“I was happy with Coupang’s services,” he said. “But if they are inconsiderate of their workers when providing such services, I doubt whether it’s valuable to use them.”
The fire compounded criticism that the convenience Coupang offers, such as guaranteed next-day delivery, is coming at the expense of workers.
The company has kept workloads down for frontline employees even though worker hours in the logistics industry have ballooned, it said in its response. Its frontline workforce work “well under 50 hours per week on average in an industry where 72 hours per week is the norm,” it said. It achieved this by using technology and its nationwide network of more than 100 logistics centers, and by significantly expanding the workforce, it said.
Still, most warehouses don’t have air-conditioning or heating, so employees preparing goods for shipment have to rely on a few fans and air circulators, said Min Byeong-jo, who works at a Coupang fulfillment center outside Seoul and heads a labor union for the company’s warehouse workers. Employees aren’t allowed to bring phones onto the workplace floor, he said.
“We feel like we’re being treated like machines,” Min, 55, said. For Coupang, “products are the most important things,” he said.
Coupang said in response that air conditioners and large fans have been installed according to the situation of each space in its distribution centers. Fulfillment centers across the world, as a common policy, don’t allow the use of personal cell phones on the floor to prevent accidents, it said. Many other businesses, especially manufacturing plants, have some level of restrictions on phone usage in the workplace.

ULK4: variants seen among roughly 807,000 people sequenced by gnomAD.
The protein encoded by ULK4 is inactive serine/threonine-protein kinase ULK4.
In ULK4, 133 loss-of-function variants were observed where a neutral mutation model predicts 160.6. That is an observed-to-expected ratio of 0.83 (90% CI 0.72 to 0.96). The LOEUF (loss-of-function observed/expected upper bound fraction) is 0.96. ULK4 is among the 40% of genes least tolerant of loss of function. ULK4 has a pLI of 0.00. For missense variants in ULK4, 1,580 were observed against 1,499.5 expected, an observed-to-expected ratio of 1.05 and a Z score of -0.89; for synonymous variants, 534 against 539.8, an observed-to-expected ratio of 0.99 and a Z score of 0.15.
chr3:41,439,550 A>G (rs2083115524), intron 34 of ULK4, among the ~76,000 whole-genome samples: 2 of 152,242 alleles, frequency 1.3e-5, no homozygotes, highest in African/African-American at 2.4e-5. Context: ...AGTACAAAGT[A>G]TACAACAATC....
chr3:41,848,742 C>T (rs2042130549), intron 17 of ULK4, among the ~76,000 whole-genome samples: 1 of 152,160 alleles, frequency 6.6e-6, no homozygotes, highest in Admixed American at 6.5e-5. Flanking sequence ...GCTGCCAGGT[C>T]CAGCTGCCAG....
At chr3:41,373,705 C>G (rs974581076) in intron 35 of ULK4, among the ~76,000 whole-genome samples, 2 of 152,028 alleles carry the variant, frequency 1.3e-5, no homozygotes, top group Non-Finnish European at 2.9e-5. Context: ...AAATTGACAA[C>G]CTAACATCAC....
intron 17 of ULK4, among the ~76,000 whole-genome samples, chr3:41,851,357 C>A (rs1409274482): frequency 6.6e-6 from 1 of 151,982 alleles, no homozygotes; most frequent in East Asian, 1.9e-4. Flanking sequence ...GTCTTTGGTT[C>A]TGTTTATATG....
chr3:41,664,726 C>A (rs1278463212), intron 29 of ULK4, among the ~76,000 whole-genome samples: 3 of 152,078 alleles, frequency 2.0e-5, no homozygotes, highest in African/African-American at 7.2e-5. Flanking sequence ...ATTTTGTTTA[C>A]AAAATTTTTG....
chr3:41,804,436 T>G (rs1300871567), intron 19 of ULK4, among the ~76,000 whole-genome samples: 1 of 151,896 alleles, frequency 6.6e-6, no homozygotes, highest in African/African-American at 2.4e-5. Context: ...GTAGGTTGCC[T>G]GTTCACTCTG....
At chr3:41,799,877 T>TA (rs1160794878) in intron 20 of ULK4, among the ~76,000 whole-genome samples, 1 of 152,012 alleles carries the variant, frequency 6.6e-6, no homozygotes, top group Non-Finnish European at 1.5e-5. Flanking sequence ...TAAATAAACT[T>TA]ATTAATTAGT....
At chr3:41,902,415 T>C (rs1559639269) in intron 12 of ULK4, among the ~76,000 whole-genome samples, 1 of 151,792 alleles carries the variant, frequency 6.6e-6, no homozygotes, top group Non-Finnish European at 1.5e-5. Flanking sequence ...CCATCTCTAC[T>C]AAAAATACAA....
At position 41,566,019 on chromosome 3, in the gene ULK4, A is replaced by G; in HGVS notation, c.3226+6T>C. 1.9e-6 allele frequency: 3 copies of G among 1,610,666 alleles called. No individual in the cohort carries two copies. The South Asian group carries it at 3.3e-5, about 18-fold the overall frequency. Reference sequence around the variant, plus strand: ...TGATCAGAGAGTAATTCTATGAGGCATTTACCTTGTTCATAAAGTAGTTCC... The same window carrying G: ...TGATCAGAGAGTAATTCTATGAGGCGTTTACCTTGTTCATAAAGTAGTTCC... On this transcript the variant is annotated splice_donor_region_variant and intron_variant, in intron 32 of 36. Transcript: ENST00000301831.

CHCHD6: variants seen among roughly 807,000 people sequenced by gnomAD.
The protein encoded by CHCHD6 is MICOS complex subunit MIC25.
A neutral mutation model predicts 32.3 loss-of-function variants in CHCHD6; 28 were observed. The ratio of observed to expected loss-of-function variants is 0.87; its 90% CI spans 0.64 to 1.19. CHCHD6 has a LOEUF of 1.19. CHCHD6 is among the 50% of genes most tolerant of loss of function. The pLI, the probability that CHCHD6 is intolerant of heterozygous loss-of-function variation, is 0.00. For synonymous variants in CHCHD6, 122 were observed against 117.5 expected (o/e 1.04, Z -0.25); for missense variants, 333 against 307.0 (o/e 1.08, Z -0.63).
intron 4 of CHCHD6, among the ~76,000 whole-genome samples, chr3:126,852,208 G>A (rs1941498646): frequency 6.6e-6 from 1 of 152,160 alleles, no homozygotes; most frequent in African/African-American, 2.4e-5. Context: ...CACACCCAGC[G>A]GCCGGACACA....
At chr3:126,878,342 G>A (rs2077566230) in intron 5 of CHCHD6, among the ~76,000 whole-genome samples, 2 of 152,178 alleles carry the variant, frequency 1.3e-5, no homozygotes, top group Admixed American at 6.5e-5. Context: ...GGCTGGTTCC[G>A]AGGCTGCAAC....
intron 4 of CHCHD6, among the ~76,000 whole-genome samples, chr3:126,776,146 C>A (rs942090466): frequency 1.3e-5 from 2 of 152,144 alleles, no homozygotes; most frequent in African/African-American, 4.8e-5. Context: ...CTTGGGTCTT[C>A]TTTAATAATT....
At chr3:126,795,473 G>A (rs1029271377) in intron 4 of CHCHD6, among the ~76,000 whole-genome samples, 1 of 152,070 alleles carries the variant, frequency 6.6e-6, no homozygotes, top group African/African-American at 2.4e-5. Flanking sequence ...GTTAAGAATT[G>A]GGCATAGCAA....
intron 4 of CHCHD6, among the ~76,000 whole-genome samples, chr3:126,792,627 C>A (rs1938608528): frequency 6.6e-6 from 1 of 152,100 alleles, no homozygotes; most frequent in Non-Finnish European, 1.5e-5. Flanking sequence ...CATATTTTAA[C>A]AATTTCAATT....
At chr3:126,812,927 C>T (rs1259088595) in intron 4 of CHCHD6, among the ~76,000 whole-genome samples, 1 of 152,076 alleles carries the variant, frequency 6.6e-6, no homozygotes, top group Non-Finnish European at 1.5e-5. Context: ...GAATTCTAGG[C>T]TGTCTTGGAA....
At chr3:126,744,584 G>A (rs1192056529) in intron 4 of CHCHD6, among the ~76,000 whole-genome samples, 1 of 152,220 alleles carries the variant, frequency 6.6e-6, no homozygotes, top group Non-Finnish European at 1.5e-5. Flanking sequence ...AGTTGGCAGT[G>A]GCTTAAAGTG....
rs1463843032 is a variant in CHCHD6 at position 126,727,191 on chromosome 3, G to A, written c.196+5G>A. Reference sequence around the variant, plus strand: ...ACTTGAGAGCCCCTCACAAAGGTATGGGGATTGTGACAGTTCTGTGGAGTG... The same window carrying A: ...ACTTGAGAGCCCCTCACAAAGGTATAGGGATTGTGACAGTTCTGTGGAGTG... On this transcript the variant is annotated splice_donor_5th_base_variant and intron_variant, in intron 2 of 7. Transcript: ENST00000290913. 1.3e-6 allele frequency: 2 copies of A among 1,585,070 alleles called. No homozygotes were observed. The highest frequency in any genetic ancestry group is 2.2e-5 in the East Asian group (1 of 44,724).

Coupang said it has been at the forefront of creating “a new working environment for the logistics industry.” It said it guarantees shorter working hours, hires frontline workers directly, and offers paid vacations and breaks, as well as benefits.
Coupang’s labor union says nine workers, including two subcontractors, have died due to working at the company since the beginning of last year. Coupang said while the logistics industry in South Korea has had more than 1,300 work-related deaths in the last 10 years, it only had one. It added it has spent $200 million and hired 600 safety professionals to improve the health and safety environment for its workers.
The one death that has been officially acknowledged as such was that of Jang Deuk-jun, 27. He died of a heart attack last October after returning from work at a Coupang fulfillment center in Daegu, a city south of Seoul. An investigation by the Korea Workers’ Compensation & Welfare Service said he died from overwork after clocking more than 62 hours in the week of his death.
A Coupang spokeswoman said that the actual number of hours worked was 48.5, but the government counts nighttime work at a multiple of 1.3 for each hour worked.